Part 2 - The Value of Equity in Cybersecurity Teams

Part 2 - The Value of Equity in Cybersecurity Teams

Robert Wood

Do you consider the team and environment in which you work to be fair?

Fairness is the core of what it means to be equitable over equal. Things can be equal without being fair for everyone involved. In this article, I want to unpack this question and provide leaders and managers within the cybersecurity field with some actionable advice on how to promote equity within their teams. If you haven't checked out part 1 of this series on DEI, you can read that here.

The Value we get from Equity

The simple question at the very start of this article is at the core of building equity in a team.

Gallup defines equity as "fair treatment, access, and advancement for each person in an organization."

Equity in cybersecurity teams is vital for creating strong, resilient, and innovative defenses against cyber threats. Before we discuss how to promote equity, I want to explore the value we all get from it. This section will discuss the benefits of diversity and inclusion in these teams and explain how promoting equity can lead to higher employee satisfaction and retention.

Benefits of Diversity and Inclusion

Diversity and inclusion benefit not just certain classes or subsets of people but the entire team. This is one of the common tropes brought up in the argument against further diversity, that organizations are over-correcting or simply checking boxes or that good people are missing out on opportunities because they're not considered "diverse." I want to challenge this head-on because we all go through the workday with our baggage, cognitive biases, and experiences to form our opinions and approaches to problems. A diverse team around you lays the groundwork for benefits such as:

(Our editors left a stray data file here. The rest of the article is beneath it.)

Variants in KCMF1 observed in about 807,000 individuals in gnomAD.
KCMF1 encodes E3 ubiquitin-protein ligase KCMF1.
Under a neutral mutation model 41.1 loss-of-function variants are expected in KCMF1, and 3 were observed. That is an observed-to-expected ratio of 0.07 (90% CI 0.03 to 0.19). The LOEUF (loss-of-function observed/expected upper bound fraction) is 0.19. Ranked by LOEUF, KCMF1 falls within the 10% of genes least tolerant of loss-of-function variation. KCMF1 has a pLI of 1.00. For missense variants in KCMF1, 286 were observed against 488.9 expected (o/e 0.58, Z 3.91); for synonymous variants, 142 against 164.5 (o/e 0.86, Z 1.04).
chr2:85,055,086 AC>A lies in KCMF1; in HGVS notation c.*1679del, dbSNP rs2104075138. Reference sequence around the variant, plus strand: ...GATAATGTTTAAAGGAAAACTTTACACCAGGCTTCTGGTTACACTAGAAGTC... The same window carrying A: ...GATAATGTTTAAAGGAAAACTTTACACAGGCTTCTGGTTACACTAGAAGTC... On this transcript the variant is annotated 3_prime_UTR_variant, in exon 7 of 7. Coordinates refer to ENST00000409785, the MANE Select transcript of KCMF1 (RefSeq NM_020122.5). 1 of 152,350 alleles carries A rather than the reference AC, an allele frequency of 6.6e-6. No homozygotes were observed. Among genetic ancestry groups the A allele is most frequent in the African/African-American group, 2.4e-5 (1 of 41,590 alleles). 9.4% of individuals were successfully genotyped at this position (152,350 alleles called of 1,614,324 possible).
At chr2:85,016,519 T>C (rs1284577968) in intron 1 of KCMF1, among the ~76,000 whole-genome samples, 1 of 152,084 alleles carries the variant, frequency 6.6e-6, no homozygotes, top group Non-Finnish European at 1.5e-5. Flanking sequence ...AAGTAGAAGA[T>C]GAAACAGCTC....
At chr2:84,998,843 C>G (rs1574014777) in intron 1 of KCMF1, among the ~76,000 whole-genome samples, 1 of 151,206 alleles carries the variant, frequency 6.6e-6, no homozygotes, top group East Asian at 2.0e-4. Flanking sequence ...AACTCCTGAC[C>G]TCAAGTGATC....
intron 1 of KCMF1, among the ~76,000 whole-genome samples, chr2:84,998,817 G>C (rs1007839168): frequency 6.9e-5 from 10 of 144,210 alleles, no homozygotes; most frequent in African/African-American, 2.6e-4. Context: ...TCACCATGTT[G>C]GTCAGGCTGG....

• Increased creativity and innovation: Diverse teams bring together a wealth of unique experiences, ideas, and perspectives. This blend of varied backgrounds fosters an environment ripe for creative problem-solving and innovative thinking, essential when dealing with a field that always changes beneath our feet and all around us.
  • Broader perspectives and experiences: A diverse team is more likely to have a broader and richer set of skills that can be leveraged alongside of creative ideas to explore, experiment, and tackle problems in unique ways. As the saying goes, to a hammer, everything looks like a nail. We don't need or want a team of hammers; we need a range of tools that are good at different things to produce the best work.
  • Enhanced problem-solving skills: Research has shown that diverse teams are more effective and efficient at problem-solving than homogenous ones. When unique perspectives look at the situation together, problems can be broken down and approached from multiple angles. Neurodiversity came up in my research on this topic, typically associated with the range of cognitive or developmental conditions or states within a team (e.g., ADHD, autism spectrum disorder, etc.).

Equity and Belonging